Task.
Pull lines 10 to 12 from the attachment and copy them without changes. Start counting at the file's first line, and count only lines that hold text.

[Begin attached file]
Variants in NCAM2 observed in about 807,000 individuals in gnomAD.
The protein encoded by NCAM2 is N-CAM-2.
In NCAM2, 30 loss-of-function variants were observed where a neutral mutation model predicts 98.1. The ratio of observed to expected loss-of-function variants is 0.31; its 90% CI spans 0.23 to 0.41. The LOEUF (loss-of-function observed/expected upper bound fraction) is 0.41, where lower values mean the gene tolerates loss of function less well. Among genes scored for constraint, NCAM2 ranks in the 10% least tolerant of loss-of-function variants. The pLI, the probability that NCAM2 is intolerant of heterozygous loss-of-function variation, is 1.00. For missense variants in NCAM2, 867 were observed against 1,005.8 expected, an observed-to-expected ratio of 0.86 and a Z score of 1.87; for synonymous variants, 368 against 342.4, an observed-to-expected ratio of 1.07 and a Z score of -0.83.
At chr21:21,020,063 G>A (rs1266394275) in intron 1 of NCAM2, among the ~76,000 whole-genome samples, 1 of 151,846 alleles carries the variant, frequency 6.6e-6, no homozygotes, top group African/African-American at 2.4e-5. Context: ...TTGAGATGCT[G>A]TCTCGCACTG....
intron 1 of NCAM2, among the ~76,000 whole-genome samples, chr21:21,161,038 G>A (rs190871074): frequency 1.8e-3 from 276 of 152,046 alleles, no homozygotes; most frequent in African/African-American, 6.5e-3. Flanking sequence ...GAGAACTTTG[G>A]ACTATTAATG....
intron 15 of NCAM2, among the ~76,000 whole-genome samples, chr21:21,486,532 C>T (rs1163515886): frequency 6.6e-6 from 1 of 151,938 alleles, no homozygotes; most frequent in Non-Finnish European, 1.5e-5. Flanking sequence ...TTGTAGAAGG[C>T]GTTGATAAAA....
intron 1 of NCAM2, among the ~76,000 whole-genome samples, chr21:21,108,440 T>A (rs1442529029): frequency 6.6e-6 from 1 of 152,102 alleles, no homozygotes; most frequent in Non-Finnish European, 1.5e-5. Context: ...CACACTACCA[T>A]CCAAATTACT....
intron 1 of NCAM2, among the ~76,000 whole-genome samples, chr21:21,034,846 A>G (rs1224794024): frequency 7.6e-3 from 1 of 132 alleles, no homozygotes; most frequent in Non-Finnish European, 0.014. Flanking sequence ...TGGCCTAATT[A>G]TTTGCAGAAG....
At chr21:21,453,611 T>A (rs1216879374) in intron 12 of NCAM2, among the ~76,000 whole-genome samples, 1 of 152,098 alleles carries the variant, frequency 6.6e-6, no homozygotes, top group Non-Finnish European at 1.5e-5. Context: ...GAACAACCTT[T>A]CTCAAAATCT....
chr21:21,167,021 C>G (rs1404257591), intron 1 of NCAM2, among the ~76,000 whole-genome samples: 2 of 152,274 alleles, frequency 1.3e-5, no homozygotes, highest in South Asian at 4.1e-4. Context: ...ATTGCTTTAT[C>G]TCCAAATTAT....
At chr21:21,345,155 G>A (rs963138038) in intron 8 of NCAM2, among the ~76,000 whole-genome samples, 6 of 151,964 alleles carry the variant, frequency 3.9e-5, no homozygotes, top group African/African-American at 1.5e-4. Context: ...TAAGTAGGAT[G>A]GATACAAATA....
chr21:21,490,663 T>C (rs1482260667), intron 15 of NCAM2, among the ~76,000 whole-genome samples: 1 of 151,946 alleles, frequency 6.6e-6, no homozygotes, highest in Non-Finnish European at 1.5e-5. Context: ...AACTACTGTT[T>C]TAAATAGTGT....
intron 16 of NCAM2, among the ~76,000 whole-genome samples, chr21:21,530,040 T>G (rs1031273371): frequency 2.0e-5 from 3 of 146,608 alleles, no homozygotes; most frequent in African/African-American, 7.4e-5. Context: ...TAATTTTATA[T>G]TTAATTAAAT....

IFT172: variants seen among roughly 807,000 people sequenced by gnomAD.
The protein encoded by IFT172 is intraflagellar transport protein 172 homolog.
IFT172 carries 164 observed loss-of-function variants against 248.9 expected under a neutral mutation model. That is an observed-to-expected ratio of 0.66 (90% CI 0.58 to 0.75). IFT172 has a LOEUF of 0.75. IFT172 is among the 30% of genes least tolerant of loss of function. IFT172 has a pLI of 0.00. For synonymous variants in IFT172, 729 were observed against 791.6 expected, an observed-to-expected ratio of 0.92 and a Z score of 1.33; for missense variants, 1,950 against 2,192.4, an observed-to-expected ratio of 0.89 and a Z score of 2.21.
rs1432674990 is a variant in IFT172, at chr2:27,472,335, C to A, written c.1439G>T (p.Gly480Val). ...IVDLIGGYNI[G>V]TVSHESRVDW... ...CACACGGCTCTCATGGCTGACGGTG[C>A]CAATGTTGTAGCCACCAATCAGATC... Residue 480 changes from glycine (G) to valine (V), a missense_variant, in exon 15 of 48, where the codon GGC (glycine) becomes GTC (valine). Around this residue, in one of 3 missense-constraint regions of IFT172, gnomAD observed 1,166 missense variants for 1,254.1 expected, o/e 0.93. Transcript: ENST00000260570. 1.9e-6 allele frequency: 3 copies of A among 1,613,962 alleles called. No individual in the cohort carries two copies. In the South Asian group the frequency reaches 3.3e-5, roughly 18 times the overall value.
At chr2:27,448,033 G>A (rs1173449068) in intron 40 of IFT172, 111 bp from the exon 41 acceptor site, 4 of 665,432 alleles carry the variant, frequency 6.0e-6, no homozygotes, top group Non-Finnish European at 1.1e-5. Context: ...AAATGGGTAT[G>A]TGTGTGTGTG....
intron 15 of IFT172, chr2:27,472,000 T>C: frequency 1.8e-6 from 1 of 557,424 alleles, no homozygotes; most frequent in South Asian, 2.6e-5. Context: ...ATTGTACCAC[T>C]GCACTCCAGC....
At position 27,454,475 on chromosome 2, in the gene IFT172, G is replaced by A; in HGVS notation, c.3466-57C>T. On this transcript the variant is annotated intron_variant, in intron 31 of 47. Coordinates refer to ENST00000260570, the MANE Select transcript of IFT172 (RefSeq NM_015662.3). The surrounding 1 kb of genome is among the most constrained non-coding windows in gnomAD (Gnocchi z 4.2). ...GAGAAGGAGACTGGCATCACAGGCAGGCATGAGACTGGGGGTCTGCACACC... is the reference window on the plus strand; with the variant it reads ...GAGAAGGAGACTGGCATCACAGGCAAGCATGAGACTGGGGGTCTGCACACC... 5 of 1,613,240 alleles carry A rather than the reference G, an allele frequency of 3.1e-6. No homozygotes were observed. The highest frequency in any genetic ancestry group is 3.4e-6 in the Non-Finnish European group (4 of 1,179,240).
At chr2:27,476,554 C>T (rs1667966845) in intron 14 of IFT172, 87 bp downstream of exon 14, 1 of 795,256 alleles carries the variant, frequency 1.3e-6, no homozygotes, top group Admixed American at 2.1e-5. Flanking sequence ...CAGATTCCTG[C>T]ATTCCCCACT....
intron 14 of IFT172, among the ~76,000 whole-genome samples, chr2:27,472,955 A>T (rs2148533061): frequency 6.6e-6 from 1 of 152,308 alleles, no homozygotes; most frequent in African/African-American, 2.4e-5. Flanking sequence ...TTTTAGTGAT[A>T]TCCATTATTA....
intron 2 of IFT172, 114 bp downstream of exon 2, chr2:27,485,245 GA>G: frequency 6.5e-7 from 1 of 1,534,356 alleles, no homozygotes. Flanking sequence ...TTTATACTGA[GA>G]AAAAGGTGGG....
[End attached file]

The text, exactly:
chr21:21,167,021 C>G (rs1404257591), intron 1 of NCAM2, among the ~76,000 whole-genome samples: 2 of 152,274 alleles, frequency 1.3e-5, no homozygotes, highest in South Asian at 4.1e-4. Context: ...ATTGCTTTAT[C>G]TCCAAATTAT....
At chr21:21,345,155 G>A (rs963138038) in intron 8 of NCAM2, among the ~76,000 whole-genome samples, 6 of 151,964 alleles carry the variant, frequency 3.9e-5, no homozygotes, top group African/African-American at 1.5e-4. Context: ...TAAGTAGGAT[G>A]GATACAAATA....
chr21:21,490,663 T>C (rs1482260667), intron 15 of NCAM2, among the ~76,000 whole-genome samples: 1 of 151,946 alleles, frequency 6.6e-6, no homozygotes, highest in Non-Finnish European at 1.5e-5. Context: ...AACTACTGTT[T>C]TAAATAGTGT....